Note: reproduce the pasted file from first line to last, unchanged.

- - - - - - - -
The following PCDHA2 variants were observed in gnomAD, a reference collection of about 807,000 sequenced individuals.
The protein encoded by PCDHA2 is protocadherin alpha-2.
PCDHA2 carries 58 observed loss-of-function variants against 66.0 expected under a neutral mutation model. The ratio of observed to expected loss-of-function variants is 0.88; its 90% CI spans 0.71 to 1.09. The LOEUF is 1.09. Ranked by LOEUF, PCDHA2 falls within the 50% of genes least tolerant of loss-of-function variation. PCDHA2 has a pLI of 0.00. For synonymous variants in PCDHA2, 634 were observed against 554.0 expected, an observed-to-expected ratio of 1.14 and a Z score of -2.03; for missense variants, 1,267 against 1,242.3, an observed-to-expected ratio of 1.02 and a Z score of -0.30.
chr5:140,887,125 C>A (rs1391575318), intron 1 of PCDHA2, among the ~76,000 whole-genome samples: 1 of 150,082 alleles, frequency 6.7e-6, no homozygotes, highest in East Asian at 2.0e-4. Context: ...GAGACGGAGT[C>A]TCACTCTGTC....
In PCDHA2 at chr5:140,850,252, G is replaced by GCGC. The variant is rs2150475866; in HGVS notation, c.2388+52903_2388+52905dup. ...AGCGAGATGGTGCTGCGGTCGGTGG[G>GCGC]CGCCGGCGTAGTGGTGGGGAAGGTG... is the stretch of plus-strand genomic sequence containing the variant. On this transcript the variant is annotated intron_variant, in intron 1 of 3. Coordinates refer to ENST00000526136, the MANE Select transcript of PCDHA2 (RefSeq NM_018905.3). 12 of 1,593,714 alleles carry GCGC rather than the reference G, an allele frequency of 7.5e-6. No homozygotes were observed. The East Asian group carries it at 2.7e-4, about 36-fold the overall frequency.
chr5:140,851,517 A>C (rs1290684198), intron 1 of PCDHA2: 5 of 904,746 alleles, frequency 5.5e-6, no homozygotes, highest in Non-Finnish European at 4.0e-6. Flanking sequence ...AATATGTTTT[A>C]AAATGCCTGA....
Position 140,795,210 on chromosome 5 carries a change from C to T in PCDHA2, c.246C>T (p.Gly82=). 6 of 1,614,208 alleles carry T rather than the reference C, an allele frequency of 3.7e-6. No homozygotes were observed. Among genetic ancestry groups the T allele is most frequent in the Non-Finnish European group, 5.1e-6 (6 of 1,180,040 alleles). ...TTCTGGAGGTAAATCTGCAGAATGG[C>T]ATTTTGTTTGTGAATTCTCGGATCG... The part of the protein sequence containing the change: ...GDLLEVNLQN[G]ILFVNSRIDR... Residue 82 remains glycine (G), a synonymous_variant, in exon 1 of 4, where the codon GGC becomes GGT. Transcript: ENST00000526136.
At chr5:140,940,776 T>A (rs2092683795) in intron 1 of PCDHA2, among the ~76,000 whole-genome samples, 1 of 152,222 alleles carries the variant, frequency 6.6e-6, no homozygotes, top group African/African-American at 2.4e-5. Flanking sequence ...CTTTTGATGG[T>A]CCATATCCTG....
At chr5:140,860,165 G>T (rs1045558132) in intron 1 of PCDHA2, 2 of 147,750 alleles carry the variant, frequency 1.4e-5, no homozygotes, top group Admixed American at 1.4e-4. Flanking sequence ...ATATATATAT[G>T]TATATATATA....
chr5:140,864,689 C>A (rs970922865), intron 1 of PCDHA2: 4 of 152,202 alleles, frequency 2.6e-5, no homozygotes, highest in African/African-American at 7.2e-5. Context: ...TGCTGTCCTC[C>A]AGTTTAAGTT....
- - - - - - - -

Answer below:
The following PCDHA2 variants were observed in gnomAD, a reference collection of about 807,000 sequenced individuals.
The protein encoded by PCDHA2 is protocadherin alpha-2.
PCDHA2 carries 58 observed loss-of-function variants against 66.0 expected under a neutral mutation model. The ratio of observed to expected loss-of-function variants is 0.88; its 90% CI spans 0.71 to 1.09. The LOEUF is 1.09. Ranked by LOEUF, PCDHA2 falls within the 50% of genes least tolerant of loss-of-function variation. PCDHA2 has a pLI of 0.00. For synonymous variants in PCDHA2, 634 were observed against 554.0 expected, an observed-to-expected ratio of 1.14 and a Z score of -2.03; for missense variants, 1,267 against 1,242.3, an observed-to-expected ratio of 1.02 and a Z score of -0.30.
chr5:140,887,125 C>A (rs1391575318), intron 1 of PCDHA2, among the ~76,000 whole-genome samples: 1 of 150,082 alleles, frequency 6.7e-6, no homozygotes, highest in East Asian at 2.0e-4. Context: ...GAGACGGAGT[C>A]TCACTCTGTC....
In PCDHA2 at chr5:140,850,252, G is replaced by GCGC. The variant is rs2150475866; in HGVS notation, c.2388+52903_2388+52905dup. ...AGCGAGATGGTGCTGCGGTCGGTGG[G>GCGC]CGCCGGCGTAGTGGTGGGGAAGGTG... is the stretch of plus-strand genomic sequence containing the variant. On this transcript the variant is annotated intron_variant, in intron 1 of 3. Coordinates refer to ENST00000526136, the MANE Select transcript of PCDHA2 (RefSeq NM_018905.3). 12 of 1,593,714 alleles carry GCGC rather than the reference G, an allele frequency of 7.5e-6. No homozygotes were observed. The East Asian group carries it at 2.7e-4, about 36-fold the overall frequency.
chr5:140,851,517 A>C (rs1290684198), intron 1 of PCDHA2: 5 of 904,746 alleles, frequency 5.5e-6, no homozygotes, highest in Non-Finnish European at 4.0e-6. Flanking sequence ...AATATGTTTT[A>C]AAATGCCTGA....
Position 140,795,210 on chromosome 5 carries a change from C to T in PCDHA2, c.246C>T (p.Gly82=). 6 of 1,614,208 alleles carry T rather than the reference C, an allele frequency of 3.7e-6. No homozygotes were observed. Among genetic ancestry groups the T allele is most frequent in the Non-Finnish European group, 5.1e-6 (6 of 1,180,040 alleles). ...TTCTGGAGGTAAATCTGCAGAATGG[C>T]ATTTTGTTTGTGAATTCTCGGATCG... The part of the protein sequence containing the change: ...GDLLEVNLQN[G]ILFVNSRIDR... Residue 82 remains glycine (G), a synonymous_variant, in exon 1 of 4, where the codon GGC becomes GGT. Transcript: ENST00000526136.
At chr5:140,940,776 T>A (rs2092683795) in intron 1 of PCDHA2, among the ~76,000 whole-genome samples, 1 of 152,222 alleles carries the variant, frequency 6.6e-6, no homozygotes, top group African/African-American at 2.4e-5. Flanking sequence ...CTTTTGATGG[T>A]CCATATCCTG....
At chr5:140,860,165 G>T (rs1045558132) in intron 1 of PCDHA2, 2 of 147,750 alleles carry the variant, frequency 1.4e-5, no homozygotes, top group Admixed American at 1.4e-4. Flanking sequence ...ATATATATAT[G>T]TATATATATA....
chr5:140,864,689 C>A (rs970922865), intron 1 of PCDHA2: 4 of 152,202 alleles, frequency 2.6e-5, no homozygotes, highest in African/African-American at 7.2e-5. Context: ...TGCTGTCCTC[C>A]AGTTTAAGTT....